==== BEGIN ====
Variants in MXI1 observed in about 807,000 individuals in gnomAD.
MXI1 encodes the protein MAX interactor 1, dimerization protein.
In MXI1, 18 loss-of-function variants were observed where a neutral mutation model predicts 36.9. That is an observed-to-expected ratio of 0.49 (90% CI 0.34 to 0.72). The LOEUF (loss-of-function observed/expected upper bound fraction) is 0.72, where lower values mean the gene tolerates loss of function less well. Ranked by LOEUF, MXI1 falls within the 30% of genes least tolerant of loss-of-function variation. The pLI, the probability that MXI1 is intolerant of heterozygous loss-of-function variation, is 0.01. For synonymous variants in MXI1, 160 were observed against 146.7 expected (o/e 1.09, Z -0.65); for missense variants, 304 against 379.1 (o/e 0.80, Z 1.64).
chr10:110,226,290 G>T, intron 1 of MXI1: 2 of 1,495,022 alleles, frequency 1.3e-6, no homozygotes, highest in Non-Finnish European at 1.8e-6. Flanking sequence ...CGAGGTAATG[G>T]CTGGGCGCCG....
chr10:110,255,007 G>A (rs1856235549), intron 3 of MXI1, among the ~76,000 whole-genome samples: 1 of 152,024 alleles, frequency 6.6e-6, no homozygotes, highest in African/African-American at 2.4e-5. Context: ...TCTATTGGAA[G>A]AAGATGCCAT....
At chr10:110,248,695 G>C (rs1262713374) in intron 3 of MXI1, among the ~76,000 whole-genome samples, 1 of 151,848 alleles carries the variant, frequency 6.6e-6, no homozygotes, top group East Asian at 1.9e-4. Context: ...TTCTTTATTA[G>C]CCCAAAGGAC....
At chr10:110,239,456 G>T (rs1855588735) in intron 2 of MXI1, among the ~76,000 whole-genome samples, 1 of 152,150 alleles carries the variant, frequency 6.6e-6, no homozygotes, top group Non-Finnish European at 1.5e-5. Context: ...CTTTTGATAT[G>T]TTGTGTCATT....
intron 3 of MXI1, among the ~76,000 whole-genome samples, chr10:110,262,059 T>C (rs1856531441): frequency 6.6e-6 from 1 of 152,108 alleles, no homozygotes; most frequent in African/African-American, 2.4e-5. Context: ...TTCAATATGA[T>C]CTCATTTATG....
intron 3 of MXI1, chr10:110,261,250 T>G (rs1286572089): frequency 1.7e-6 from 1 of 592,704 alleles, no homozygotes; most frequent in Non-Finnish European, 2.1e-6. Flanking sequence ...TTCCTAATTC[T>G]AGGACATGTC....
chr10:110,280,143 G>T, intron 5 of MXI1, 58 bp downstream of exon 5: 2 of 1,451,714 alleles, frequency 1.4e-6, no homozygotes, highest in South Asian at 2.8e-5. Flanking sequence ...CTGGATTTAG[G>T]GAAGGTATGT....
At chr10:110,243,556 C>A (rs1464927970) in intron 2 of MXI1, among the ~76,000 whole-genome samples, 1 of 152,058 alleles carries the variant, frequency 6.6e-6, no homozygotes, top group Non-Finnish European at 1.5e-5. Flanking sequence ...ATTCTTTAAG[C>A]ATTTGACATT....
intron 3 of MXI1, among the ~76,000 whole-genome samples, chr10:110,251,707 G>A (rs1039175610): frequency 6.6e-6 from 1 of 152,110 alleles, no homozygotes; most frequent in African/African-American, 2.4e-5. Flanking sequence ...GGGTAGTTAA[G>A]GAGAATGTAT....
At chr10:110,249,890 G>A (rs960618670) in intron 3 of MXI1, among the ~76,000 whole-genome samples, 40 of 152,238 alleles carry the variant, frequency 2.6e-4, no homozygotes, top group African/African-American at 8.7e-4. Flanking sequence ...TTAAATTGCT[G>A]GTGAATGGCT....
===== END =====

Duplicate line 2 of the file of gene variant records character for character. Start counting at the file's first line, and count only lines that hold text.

MXI1 encodes the protein MAX interactor 1, dimerization protein.